Most Jewish Glaswegians arrived initially in England, and then came north because Jews were encouraged to Glasgow to help ease congestion in Jewish East London. The first immigrant wave arrived in the 1880s forming the poorer Gorbals section of the community and the next came in the 1890s. In 1908 about 10,000 Jews passed through Glasgow en route to America and during peak activity, up to 4 US-bound ships left Glasgow each month. 75% of Glasgow Jews were of Russian or Polish origin, with relatively few from elsewhere, but by 1891, Jews from Lithuanian Baltic Ports like Libau dominated.

School Log Books and Admittance Registers

The 1872 Scottish Education Act made school attendance compulsory for children aged 5-13 and admissions registers are a good source of information about pupils, because teachers were obliged to keep registers and daily logs of school occurrences. Few early registers and logs survive and the value of the information they contain depends on the thoroughness of those completing them. The registers are invaluable because even if a family was only in Scotland for a few months, the children would have attended school to learn English and to get them out from under their parents’ feet during the day, and there cannot have been many Jewish children who escaped the school system completely. Admission Registers can include pupil information such as date of birth, address, date of admission and date of leaving.

Gorbals Public School

Gorbals Public School opened in 1885 enrolling many pupils who had previously been at Buchan Street School, but after this, most pupils were new starters at school. The numbers of Jewish boys and girls were roughly equal over the period and rose considerably from 1896 onwards. School attendance figures depended on birth rates and Glaswegian Jewish immigration peaked in 1891-2, which partly explains the rise in school entrants thereafter.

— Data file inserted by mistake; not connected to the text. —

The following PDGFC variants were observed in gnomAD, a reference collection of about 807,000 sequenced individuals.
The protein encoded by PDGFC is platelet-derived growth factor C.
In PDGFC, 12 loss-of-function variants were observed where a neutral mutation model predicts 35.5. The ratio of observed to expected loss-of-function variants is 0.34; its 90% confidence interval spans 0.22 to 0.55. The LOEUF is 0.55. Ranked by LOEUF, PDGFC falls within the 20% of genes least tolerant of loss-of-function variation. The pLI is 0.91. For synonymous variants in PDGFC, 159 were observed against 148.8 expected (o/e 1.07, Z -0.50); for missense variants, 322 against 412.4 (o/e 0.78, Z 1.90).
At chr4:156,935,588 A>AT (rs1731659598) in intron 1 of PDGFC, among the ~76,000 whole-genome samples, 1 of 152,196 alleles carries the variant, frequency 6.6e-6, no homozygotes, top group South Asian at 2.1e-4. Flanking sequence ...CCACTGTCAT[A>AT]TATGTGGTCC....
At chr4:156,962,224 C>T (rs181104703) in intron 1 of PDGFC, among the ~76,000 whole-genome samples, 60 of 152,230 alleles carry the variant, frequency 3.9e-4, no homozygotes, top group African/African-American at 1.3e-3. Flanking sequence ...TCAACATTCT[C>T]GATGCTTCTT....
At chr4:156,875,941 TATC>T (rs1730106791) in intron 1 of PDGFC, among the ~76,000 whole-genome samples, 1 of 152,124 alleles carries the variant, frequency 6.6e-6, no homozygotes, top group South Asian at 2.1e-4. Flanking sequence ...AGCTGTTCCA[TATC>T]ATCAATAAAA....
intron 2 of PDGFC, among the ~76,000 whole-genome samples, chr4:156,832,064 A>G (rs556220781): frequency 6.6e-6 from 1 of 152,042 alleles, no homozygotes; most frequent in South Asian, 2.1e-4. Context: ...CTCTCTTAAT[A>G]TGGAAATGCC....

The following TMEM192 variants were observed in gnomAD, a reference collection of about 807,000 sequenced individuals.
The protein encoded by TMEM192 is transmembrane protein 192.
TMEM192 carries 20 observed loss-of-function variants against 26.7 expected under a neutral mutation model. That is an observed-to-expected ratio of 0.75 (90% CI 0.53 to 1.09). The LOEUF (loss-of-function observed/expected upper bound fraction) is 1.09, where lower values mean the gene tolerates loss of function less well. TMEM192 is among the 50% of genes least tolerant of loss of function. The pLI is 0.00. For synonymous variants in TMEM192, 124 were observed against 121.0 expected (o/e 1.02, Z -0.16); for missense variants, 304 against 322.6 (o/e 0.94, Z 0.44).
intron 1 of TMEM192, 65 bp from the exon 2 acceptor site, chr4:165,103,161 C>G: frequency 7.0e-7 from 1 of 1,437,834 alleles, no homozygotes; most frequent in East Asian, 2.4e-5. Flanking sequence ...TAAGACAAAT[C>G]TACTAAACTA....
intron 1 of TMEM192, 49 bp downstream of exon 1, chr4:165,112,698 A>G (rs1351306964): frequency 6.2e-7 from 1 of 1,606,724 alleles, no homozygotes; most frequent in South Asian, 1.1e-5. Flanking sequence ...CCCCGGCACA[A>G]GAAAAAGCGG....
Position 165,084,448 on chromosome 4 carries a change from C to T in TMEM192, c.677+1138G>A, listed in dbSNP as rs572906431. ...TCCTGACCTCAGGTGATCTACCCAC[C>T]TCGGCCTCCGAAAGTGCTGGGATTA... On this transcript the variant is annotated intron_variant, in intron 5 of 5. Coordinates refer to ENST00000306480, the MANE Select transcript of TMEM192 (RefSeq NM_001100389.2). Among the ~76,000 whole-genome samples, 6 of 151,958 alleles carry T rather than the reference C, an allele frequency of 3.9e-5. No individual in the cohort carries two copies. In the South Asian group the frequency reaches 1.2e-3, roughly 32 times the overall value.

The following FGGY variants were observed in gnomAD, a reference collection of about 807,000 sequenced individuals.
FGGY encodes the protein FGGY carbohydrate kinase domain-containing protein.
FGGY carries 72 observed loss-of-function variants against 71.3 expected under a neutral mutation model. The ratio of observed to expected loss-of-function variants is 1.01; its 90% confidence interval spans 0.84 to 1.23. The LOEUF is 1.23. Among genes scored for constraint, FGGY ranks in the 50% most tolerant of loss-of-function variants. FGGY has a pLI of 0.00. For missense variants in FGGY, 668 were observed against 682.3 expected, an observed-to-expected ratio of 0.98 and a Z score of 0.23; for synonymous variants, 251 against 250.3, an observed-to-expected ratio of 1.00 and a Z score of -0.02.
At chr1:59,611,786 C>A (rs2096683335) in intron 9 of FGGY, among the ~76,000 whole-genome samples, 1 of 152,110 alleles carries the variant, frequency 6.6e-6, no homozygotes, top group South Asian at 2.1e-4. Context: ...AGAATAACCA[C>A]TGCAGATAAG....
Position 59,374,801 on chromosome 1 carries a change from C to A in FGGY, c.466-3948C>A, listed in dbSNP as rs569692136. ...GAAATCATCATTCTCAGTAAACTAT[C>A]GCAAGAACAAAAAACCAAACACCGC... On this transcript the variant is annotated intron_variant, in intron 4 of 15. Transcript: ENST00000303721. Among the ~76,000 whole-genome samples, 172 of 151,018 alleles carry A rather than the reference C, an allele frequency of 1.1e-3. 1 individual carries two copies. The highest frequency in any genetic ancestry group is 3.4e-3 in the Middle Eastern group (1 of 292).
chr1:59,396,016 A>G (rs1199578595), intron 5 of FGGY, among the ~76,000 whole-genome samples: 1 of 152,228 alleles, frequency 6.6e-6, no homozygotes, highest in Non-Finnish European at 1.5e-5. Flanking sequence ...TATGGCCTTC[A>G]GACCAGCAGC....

Gorbals Public School contained a high number of Jewish children who all lived locally. The school logbooks have notes in the margins written by the Head Teacher about the low attendance by Jewish pupils at school during Jewish festivals. In this database, the children selected for inclusion as Jewish follow the criteria outlined by Kaplan (2006, p5-6), whereby Jewish is defined in the wider sense rather than by Orthodox specifications.

The children attending the school lived in the surrounding area and were concentrated in the closest streets. Most of the Jewish Pupils lived in the following streets: Adelphi, Thistle, Main, Stockwell, Crown, Bridgegate, Hospital, Govan, Nicholson, Oxford and Rose.

How can I search this database?

To search the database, go to the JewishGen UK Database page /databases/UK/ and select the Glasgow community in the JGSGB UK Database.
Search for the family names you are researching. If the search yields results for the name you are searching, the results will show "Gorbals Public School Registers ".


This work was carried out in 2008 by Jeanette R Rosenberg in fulfilment of the Postgraduate Certificate in Genealogical Studies at the University of Strathclyde, Glasgow, Scotland

If you have a question or are interested in reading more information about the project are invited to contact Jeanette. Please note, Jeanette does not have any additional information about the people whose names are held within the database.

Jeanette would like to thank the following for support during the research and writing of her project:

Mark Nicholls, for photography, and assisting with transcription;
Harvey Kaplan, Director, Scottish Jewish Archives Centre, for encouragement and signposting;
Dr Nicholas Evans, Hull University, whose lectures about transmigration inspired this project;
Dr Irene O’Brien and her colleagues at The Mitchell, who permitted this project to proceed and made us welcome during transcription.
Audrey Wyper, Dr Bruce Durie and Graham Holton of Strathclyde University, for their support and guidance during the project.

Glasgow Jewish Community page

Page created by Louise Messik: 24 October 2010
Latest revision or update: 22 February 2015


Explanation of Terms   |   About JCR-UK  |   JCR-UK home page

Contact JCR-UK Webmaster:

JGSGB  JewishGen

Terms and Conditions, Licenses and Restrictions for the use of this website:

This website is owned by JewishGen and the Jewish Genealogical Society of Great Britain. All material found herein is owned by or licensed to us. You may view, download, and print material from this site only for your own personal use. You may not post material from this site on another website without our consent. You may not transmit or distribute material from this website to others. You may not use this website or information found at this site for any commercial purpose.

Copyright © 2002 - 2024 JCR-UK. All Rights Reserved